Arrest of several business leaders and ‘politicisation of trade’ has crippled Kashmir’s economy like never before, says KCCI.
Srinagar: Business and commerce is suffering one of the worst phases in Kashmir’s history, say trade leaders, as the ongoing crisis following the clampdown and communication blockade continues to cripple business leading to economic losses across sectors.
The losses, as per the estimates of Kashmir Chamber of Commerce & Industries (KCCI), have crossed over Rs 5,000 crore in the past two months after the Centre imposed restrictions on August 5, in the wake of abrogation of Articles 370 and 35A and bifurcated Jammu and Kashmir into two Union territories.
Apart from losses, the crackdown on several business leaders has left the entire business fraternity shocked, say some traders, demanding immediate release of the incarcerated businessmen in the vVlley.
Sheikh Feroz, who runs Haj and Umrah services business, says he has lost all peak-time business due to the current crisis and the internet shutdown.
“People preferred the late autumn and winter season for performing Umrah and we had already pre-booked 2,000 people for the travel. But, due to the clampdown, no booking has been confirmed,” he says.
Each Umrah service booking in Kashmir-based travel firms costs between Rs 75,000-Rs 1.25 lakh. Most of the bookings, according to Feroz, are made between August and October. “The average number of booking in this period is about 35,000,” he said.
The hospitality sector in Kashmir, according to KCCI, is a Rs 5,000 crore industry, and is one of the main sectors that has been badly hit after the government issued a notification for all tourists to leave Kashmir a few days before it abrogated Article 370 on August 5.
At present, there are about 1,300 hotels, 900 houseboats and 650 shikara boats in Kashmir, that are lying vacant without work. The losses in the tourism sector have crossed over Rs 1,500 crore, says KCCI.
Sheikh Ashiq, president of KCCI, told NewsClickthat the overall business losses incurred during the current crisis will increase as the turmoil and communication blockade is continues without any respite. “It is difficult to assess the total loss as the situation has not improved even after two months. The impact and damages will be higher as time goes by,” he says.
Traders in Kashmir say business has always been one of the main victims of the conflict and violence. What has increased their troubles, traders say, is the “politicisation of trade” by the government.
“The government created further problems for traders, especially in the general trade, by posing trade as antithetical to the crisis and as an indicator of normalcy in Kashmir,” Ashiq says.
Currently, about 70,000 shops across Kashmir are closed due to the lockdown and almost all of the shops in the commercial hub of Lal Chowk in Srinagar are closed. There is, however, a flea market, called the ‘Sunday Market’ because it functions only on Sunday, operating in the area on all days, which, traders in Lal Chowk allege has been set up to give a semblance of ‘return of normalcy’ in the Valley.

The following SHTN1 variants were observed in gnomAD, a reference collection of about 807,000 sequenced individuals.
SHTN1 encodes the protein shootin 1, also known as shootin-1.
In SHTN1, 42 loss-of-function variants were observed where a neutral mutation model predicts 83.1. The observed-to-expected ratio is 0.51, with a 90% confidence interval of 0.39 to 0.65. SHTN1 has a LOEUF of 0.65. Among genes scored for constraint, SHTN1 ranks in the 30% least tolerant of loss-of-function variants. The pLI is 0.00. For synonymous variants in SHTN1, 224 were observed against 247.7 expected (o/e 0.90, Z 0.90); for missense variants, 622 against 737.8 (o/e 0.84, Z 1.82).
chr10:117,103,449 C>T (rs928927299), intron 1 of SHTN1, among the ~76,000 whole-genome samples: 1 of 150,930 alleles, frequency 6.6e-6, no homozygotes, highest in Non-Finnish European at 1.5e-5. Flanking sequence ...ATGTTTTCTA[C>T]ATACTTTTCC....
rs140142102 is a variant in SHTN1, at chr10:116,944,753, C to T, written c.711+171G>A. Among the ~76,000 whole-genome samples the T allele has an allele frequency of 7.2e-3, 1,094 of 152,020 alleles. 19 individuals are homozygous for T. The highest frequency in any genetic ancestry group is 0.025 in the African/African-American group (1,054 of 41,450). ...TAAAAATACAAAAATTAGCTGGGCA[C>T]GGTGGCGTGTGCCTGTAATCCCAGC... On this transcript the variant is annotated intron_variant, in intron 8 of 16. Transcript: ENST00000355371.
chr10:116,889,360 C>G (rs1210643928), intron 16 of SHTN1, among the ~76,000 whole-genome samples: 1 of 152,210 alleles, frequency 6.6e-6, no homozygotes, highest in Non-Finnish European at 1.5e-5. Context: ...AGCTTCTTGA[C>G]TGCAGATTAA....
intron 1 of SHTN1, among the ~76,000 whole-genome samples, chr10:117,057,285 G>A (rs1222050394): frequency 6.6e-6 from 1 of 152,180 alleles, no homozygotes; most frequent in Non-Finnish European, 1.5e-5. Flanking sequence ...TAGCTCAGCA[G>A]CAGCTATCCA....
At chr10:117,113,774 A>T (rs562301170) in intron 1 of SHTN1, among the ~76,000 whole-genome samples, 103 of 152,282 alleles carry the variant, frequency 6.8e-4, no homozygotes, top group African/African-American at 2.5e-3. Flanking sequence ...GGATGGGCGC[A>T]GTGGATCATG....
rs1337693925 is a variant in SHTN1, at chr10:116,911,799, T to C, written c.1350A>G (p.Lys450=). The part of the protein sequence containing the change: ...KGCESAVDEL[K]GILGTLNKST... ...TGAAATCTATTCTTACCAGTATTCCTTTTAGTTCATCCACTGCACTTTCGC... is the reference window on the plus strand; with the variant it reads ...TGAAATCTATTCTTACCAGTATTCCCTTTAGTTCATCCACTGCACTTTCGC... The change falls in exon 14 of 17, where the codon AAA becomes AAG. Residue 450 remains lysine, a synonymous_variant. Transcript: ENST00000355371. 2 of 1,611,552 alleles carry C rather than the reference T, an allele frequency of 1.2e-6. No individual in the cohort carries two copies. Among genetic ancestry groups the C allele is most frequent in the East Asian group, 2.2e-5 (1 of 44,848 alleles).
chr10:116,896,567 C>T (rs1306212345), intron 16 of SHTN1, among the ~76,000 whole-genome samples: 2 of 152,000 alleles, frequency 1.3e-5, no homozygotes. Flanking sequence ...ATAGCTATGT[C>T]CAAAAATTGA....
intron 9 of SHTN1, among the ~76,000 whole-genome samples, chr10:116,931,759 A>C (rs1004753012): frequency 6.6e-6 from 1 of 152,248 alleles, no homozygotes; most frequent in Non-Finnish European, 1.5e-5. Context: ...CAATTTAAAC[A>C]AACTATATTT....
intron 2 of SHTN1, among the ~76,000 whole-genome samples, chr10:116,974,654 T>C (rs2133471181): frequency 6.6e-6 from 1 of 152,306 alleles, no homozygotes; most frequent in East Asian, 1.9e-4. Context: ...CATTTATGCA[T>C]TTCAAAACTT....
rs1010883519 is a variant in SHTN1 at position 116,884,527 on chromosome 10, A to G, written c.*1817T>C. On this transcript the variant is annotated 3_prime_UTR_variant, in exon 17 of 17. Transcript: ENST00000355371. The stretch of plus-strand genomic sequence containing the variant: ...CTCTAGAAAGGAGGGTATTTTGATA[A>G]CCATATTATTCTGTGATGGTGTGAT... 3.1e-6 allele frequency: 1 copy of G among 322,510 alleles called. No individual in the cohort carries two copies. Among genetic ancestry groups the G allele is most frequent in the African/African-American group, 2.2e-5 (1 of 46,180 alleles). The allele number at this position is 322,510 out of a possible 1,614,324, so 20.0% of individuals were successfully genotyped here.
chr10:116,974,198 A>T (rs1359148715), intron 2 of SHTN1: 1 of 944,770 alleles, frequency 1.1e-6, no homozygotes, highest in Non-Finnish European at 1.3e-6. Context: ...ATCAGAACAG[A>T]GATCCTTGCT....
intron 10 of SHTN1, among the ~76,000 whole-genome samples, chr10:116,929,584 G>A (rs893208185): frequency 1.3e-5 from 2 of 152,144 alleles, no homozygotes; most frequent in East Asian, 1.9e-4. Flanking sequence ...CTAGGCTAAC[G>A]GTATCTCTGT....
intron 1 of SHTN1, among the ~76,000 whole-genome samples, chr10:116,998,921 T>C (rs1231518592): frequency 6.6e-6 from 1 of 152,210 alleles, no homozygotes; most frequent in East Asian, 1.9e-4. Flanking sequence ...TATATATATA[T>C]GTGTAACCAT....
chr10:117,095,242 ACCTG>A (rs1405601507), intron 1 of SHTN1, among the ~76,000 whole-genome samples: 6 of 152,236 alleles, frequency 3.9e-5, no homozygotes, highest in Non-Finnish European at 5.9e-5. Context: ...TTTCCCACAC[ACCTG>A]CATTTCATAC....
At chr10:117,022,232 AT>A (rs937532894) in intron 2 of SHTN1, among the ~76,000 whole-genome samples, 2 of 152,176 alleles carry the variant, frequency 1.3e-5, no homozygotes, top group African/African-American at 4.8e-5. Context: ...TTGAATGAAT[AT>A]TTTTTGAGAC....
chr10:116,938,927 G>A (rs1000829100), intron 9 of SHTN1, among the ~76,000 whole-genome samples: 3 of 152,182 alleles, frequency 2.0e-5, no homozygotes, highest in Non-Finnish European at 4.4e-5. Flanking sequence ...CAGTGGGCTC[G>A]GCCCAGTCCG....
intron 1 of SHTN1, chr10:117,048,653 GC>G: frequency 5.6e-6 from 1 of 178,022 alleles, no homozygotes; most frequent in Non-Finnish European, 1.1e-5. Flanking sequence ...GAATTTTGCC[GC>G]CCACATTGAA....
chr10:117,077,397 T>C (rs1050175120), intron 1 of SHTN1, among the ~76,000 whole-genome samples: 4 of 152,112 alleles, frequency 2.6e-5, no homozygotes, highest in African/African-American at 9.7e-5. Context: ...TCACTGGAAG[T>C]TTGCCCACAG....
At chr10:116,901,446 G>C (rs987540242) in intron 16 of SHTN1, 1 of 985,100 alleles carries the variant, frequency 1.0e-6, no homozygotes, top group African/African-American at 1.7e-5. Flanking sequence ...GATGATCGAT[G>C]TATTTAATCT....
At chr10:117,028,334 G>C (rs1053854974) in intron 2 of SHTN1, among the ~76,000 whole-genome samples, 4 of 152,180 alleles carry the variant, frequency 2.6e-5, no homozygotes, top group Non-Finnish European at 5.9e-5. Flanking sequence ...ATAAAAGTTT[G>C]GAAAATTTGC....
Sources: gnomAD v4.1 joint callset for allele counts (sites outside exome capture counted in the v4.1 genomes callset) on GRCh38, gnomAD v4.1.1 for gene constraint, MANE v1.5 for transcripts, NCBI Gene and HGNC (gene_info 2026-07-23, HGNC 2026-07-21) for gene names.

The apple industry, the main contributors to the gross domestic product of J&K, is facing massive losses due to the clampdown and subsequent threat from militant groups. The crisis in the horticulture industry worth Rs 8,000 crore has affected not just the traders in Kashmir but also those from Jammu and elsewhere who have invested hundreds of crores in the sector.
Losses incurred by transport services are estimated at Rs 500 crore in the past two months.
Another major sector, handicrafts, which contributes 2% to the total economy of J&K and is worth Rs 2,000 crore, is almost at a standstill and is faced with bigger challenges ahead.
“The export produce in handicrafts increases ahead of Christmas and New Year’s Eve every year. Most of the export orders, like Kashmiri shawls and carpets, the hallmark of export products from Kashmir, are booked during this season. But owing to the communication blockade, handicraft traders have lost a major share in business this year,” Ashiq adds.
The KCCI puts the average business loss of the handicraft industry at Rs 100 crore per day since August 5.
Ashiq says there is no information about how many businessmen and traders have been detained across Kashmir in the past two months. The arrest of trade leaders like Mubeen Shah, Shakeel Qalandar and Yasin Khan have led to fear and uncertainty among the entire business fraternity.
According to Feroz, many travel agencies in Kashmir are faced with getting their names blacklisted in the International Air Transport Association, as they could not renew their membership. Many traders with KCCI also face problems as they could not submit their goods and services tax and income tax returns since the past two months. “Some of them could travel outside J&K to file these documents, but many others couldn’t,” Ashiq adds.